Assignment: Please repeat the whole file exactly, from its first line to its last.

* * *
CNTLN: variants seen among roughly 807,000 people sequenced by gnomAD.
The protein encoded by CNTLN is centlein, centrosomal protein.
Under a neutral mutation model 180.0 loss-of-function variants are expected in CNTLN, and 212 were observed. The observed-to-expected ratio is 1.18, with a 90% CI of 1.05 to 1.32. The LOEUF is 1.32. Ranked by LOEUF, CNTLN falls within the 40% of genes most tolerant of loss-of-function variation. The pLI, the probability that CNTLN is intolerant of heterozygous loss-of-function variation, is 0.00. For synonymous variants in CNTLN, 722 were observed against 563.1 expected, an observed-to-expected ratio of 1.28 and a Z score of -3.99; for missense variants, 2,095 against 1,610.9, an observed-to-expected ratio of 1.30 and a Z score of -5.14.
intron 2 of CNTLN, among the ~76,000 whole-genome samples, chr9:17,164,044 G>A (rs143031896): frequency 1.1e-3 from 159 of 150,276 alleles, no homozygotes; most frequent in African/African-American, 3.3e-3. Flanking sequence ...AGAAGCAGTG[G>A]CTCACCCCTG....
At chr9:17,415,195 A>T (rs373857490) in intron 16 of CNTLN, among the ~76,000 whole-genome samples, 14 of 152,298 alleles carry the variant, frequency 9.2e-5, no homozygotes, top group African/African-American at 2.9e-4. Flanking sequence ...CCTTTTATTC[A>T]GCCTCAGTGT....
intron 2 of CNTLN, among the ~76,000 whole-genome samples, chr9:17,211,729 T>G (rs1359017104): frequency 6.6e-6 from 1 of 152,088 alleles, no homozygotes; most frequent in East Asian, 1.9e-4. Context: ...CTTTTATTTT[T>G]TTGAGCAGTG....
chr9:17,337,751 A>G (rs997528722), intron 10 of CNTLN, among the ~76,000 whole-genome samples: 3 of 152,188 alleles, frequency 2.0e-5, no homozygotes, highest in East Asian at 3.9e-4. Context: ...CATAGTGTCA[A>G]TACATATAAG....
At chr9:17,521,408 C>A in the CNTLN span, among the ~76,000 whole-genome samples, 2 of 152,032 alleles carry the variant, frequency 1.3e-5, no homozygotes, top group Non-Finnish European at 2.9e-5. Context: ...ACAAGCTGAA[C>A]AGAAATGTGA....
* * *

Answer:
CNTLN: variants seen among roughly 807,000 people sequenced by gnomAD.
The protein encoded by CNTLN is centlein, centrosomal protein.
Under a neutral mutation model 180.0 loss-of-function variants are expected in CNTLN, and 212 were observed. The observed-to-expected ratio is 1.18, with a 90% CI of 1.05 to 1.32. The LOEUF is 1.32. Ranked by LOEUF, CNTLN falls within the 40% of genes most tolerant of loss-of-function variation. The pLI, the probability that CNTLN is intolerant of heterozygous loss-of-function variation, is 0.00. For synonymous variants in CNTLN, 722 were observed against 563.1 expected, an observed-to-expected ratio of 1.28 and a Z score of -3.99; for missense variants, 2,095 against 1,610.9, an observed-to-expected ratio of 1.30 and a Z score of -5.14.
intron 2 of CNTLN, among the ~76,000 whole-genome samples, chr9:17,164,044 G>A (rs143031896): frequency 1.1e-3 from 159 of 150,276 alleles, no homozygotes; most frequent in African/African-American, 3.3e-3. Flanking sequence ...AGAAGCAGTG[G>A]CTCACCCCTG....
At chr9:17,415,195 A>T (rs373857490) in intron 16 of CNTLN, among the ~76,000 whole-genome samples, 14 of 152,298 alleles carry the variant, frequency 9.2e-5, no homozygotes, top group African/African-American at 2.9e-4. Flanking sequence ...CCTTTTATTC[A>T]GCCTCAGTGT....
intron 2 of CNTLN, among the ~76,000 whole-genome samples, chr9:17,211,729 T>G (rs1359017104): frequency 6.6e-6 from 1 of 152,088 alleles, no homozygotes; most frequent in East Asian, 1.9e-4. Context: ...CTTTTATTTT[T>G]TTGAGCAGTG....
chr9:17,337,751 A>G (rs997528722), intron 10 of CNTLN, among the ~76,000 whole-genome samples: 3 of 152,188 alleles, frequency 2.0e-5, no homozygotes, highest in East Asian at 3.9e-4. Context: ...CATAGTGTCA[A>G]TACATATAAG....
At chr9:17,521,408 C>A in the CNTLN span, among the ~76,000 whole-genome samples, 2 of 152,032 alleles carry the variant, frequency 1.3e-5, no homozygotes, top group Non-Finnish European at 2.9e-5. Context: ...ACAAGCTGAA[C>A]AGAAATGTGA....